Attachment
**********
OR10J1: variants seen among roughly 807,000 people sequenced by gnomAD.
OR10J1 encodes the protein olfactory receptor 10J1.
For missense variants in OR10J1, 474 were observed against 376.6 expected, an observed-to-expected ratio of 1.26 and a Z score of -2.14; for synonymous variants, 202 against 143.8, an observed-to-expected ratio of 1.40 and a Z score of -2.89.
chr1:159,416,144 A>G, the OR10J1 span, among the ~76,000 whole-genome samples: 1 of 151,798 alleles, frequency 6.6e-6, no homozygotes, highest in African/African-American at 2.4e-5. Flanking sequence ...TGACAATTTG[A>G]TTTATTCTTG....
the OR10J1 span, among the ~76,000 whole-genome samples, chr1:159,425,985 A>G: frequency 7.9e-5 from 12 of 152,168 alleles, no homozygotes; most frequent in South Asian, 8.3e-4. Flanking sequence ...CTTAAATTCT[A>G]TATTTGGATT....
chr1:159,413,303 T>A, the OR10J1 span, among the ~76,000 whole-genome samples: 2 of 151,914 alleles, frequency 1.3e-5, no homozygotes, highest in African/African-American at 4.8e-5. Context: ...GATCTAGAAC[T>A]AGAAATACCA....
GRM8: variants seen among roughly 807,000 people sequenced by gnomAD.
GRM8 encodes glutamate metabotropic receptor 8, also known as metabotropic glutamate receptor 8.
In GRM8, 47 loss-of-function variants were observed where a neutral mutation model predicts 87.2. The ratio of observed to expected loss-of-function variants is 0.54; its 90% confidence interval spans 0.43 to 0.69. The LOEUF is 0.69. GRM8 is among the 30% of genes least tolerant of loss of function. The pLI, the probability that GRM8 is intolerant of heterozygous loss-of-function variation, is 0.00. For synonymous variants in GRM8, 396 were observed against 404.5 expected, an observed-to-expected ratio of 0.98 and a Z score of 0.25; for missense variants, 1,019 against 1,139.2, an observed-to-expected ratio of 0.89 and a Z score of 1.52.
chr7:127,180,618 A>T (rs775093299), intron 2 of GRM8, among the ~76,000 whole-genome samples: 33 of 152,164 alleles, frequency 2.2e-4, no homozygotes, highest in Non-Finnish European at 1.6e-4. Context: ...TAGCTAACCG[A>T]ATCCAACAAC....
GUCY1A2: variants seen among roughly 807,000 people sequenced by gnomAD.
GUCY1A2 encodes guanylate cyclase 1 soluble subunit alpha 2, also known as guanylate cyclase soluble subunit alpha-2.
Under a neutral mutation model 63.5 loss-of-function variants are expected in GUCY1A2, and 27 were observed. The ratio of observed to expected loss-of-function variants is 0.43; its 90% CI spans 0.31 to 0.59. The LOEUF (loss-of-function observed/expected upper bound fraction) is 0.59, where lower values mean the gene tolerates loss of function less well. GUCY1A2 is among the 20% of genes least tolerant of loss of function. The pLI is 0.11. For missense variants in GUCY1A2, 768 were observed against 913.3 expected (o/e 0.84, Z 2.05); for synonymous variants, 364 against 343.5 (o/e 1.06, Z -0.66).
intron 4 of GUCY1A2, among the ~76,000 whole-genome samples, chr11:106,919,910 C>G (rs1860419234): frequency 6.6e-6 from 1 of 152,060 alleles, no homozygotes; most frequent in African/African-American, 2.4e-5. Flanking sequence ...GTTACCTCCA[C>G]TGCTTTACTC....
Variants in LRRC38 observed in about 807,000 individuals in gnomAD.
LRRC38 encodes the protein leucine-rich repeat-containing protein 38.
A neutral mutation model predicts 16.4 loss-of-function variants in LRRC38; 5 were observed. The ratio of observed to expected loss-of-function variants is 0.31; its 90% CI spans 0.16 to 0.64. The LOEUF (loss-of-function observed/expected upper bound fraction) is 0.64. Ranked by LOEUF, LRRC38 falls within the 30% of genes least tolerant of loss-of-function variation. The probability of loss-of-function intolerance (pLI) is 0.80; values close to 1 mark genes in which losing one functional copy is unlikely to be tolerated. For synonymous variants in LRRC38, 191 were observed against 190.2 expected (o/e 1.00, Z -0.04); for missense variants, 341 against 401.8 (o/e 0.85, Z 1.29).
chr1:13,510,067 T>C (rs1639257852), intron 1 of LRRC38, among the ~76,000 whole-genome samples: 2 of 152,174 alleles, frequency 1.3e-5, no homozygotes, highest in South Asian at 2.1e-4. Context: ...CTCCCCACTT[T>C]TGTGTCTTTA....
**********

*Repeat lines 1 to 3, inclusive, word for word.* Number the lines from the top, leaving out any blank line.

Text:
OR10J1: variants seen among roughly 807,000 people sequenced by gnomAD.
OR10J1 encodes the protein olfactory receptor 10J1.
For missense variants in OR10J1, 474 were observed against 376.6 expected, an observed-to-expected ratio of 1.26 and a Z score of -2.14; for synonymous variants, 202 against 143.8, an observed-to-expected ratio of 1.40 and a Z score of -2.89.